The Russian foreign ministry has said the heads of Libya’s two warring sides will hold talks in Moscow on Monday, according to Interfax news agency.
The announcement came after reports that Fayez al-Sarraj, the chief of the internationally-recognised Government of National Accord (GNA) and his rival, renegade commander Khalifa Haftar, may sign a ceasefire agreement in the Russian capital.
Libya has been racked by turmoil since long-time leader Muammar Gaddafi was toppled in a Nato-backed uprising in 2011.
The oil-rich country has since been split between rival administrations in the country’s east and the west amid a conflict drawing increasing involvement from foreign powers. Since April, the Tripoli-based GNA has been under attack from eastern forces loyal to Haftar, which on January 6 captured the strategic coastal city of Sirte.
Interfax cited a Russian official as saying that al-Sarraj and Haftar would discuss “the possibility of signing a truce and the details of such a document”.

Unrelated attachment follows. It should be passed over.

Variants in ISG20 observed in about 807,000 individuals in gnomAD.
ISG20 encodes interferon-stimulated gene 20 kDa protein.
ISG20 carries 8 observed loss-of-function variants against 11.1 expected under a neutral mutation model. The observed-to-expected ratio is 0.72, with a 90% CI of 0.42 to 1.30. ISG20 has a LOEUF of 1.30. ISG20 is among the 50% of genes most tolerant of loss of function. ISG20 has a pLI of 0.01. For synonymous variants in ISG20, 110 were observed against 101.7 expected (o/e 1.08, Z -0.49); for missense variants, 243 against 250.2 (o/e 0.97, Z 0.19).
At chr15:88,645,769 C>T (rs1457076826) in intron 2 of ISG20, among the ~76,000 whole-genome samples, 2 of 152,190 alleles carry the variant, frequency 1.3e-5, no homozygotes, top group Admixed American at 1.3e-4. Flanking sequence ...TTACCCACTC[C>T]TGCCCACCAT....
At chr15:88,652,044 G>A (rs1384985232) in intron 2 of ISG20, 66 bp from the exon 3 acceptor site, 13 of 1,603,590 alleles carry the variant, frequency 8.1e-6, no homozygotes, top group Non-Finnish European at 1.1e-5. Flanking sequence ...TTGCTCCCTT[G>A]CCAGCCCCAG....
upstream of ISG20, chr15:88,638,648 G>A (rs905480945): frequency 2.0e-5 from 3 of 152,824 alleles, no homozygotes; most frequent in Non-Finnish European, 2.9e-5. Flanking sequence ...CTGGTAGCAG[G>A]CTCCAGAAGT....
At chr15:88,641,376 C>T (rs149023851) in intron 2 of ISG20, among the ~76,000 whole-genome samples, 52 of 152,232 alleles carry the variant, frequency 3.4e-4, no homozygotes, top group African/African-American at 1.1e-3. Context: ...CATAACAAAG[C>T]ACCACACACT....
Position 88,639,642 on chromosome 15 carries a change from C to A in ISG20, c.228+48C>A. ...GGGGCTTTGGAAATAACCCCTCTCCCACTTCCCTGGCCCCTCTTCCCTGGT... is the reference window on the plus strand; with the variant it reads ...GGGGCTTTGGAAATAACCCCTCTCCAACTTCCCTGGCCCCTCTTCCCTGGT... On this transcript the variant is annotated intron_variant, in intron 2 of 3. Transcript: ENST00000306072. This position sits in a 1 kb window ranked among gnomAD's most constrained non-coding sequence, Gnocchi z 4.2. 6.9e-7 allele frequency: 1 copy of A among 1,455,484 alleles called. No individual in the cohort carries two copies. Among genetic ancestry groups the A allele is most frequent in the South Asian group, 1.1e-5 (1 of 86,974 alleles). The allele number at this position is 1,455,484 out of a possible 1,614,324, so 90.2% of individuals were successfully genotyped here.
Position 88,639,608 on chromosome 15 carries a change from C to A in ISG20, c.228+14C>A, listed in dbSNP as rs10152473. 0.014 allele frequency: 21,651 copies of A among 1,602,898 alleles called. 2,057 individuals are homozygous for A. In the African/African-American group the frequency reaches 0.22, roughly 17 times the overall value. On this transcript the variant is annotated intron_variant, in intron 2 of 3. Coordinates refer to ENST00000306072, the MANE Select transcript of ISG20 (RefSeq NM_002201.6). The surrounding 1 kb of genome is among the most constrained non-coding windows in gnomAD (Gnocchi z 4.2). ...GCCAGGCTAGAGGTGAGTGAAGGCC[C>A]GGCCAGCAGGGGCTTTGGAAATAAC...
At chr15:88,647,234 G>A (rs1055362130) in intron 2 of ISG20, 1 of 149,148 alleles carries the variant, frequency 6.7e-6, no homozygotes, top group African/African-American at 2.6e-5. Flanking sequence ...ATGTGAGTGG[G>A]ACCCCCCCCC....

Lev Dengov, the head of the Russian contact group on Libya, said it was still unclear whether the two rivals would meet face to face.
Earlier, Khaled al-Mechri, head of Libya’s High Council of State, said the signing of the agreement in Moscow would pave the way for the revival of the political process in the country.
Al-Mechri told Al Ahrar TV that he would accompany al- Sarraj to Moscow, while Aguila Salah, the speaker of the eastern-based parliament, would travel with Haftar.
Meanwhile, in a short televised speech on Monday, al- Sarraj called on Libyans to “turn the page on the past”.
“I call on all Libyans to turn the page on the past, reject discord and to close ranks to move towards stability and peace,” he said.
The GNA and Haftar’s LNA agreed to a conditional truce that was supposed to come into force at midnight local time on Sunday (22:01 GMT on Saturday), but both sides have accused the other of violations.—Al Jazeera
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